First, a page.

• Last updated on November 11, 2022

The Supreme Court allowed victim impact statements to be included in the capital sentencing phase of trials.

After convicting Payne of murder, the prosecutor called some of the victim’s family to testify in the penalty phase and referred to those statements during closing arguments. Upon being sentenced to die, Payne appealed to the Supreme Court, citing existing precedents against allowing testimony regarding the impact of his crime, but the Court upheld the conviction and the sentencing. Chief Justice William H. RehnquistRehnquist, William H.;Payne v. Tennessee[Payne v. Tennessee] wrote the opinion for the 6-3 majority, overturning Booth v. Maryland[case]Booth v. Maryland[Booth v. Maryland] (1987), which prohibited victim impact testimony, and South Carolina v. Gathers[case]South Carolina v. Gathers[South Carolina v. Gathers] (1989), which prohibited prosecutors from mentioning the crime’s impact on the victim or the family. The Court ruled that the Eighth Amendment did not bar such testimony.Capital punishment;Payne v. Tennessee[Payne v. Tennessee]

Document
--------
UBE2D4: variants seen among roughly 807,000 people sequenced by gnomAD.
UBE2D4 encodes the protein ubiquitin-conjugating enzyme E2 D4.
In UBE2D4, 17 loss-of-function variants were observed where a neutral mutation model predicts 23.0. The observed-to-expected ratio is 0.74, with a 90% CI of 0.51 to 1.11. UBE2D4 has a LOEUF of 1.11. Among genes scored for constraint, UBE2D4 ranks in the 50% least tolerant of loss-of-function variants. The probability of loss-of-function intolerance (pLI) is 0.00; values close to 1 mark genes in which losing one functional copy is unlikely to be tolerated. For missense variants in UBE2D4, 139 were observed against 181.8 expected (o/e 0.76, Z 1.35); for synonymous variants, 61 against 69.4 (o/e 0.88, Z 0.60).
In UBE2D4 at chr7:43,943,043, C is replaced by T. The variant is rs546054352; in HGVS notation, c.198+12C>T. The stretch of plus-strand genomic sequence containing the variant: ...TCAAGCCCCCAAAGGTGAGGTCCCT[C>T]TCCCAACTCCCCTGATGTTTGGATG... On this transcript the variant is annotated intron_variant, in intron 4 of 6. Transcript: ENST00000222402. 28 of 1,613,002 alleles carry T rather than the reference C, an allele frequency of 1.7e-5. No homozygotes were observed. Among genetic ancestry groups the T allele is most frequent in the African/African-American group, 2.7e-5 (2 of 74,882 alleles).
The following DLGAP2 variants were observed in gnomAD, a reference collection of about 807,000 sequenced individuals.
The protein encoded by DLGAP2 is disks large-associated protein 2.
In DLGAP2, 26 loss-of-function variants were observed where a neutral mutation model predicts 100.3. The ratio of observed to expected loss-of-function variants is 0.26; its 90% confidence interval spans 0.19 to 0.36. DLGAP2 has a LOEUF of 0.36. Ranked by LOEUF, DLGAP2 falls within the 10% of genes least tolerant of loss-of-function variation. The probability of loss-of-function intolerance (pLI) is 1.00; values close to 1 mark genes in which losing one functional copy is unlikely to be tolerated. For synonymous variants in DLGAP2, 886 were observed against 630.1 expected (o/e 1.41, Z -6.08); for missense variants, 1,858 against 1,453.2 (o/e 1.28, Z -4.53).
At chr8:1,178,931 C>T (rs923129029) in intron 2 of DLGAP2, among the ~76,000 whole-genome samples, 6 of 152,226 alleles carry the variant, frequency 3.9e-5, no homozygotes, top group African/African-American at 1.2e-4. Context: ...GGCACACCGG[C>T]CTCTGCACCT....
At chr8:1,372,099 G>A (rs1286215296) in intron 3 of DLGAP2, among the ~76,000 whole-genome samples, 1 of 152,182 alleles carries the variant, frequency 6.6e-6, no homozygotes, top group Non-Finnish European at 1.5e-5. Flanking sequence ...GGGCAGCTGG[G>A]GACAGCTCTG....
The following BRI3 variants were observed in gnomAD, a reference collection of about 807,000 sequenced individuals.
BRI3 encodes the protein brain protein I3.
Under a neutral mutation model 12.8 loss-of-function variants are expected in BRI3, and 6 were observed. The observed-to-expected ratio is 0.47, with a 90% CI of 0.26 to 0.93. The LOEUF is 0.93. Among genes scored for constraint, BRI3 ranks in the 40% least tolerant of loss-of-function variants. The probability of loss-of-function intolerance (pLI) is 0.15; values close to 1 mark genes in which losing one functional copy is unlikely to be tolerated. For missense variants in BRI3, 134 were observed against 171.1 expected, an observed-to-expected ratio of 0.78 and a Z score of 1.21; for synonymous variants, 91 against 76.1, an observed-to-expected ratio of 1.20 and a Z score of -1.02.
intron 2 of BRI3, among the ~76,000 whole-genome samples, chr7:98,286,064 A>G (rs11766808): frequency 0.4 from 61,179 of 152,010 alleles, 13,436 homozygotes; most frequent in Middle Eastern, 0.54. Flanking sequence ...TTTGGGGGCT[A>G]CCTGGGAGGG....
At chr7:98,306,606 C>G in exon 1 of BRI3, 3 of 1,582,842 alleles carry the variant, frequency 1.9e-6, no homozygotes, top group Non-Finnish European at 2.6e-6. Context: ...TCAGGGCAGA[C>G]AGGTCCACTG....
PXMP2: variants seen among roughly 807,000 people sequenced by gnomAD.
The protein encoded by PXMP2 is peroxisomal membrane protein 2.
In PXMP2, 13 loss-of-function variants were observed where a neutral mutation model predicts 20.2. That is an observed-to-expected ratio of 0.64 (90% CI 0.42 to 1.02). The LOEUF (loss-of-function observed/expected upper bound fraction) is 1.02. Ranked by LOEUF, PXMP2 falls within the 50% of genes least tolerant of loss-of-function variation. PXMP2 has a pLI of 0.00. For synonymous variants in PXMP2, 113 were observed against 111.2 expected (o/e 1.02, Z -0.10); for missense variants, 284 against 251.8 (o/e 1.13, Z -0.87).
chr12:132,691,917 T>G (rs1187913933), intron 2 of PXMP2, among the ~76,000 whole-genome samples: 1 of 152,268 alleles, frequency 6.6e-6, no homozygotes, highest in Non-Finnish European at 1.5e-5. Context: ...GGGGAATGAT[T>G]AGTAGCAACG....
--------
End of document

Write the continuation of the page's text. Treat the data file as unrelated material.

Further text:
Capital punishment

Due process, procedural

Eighth Amendment

Categories: History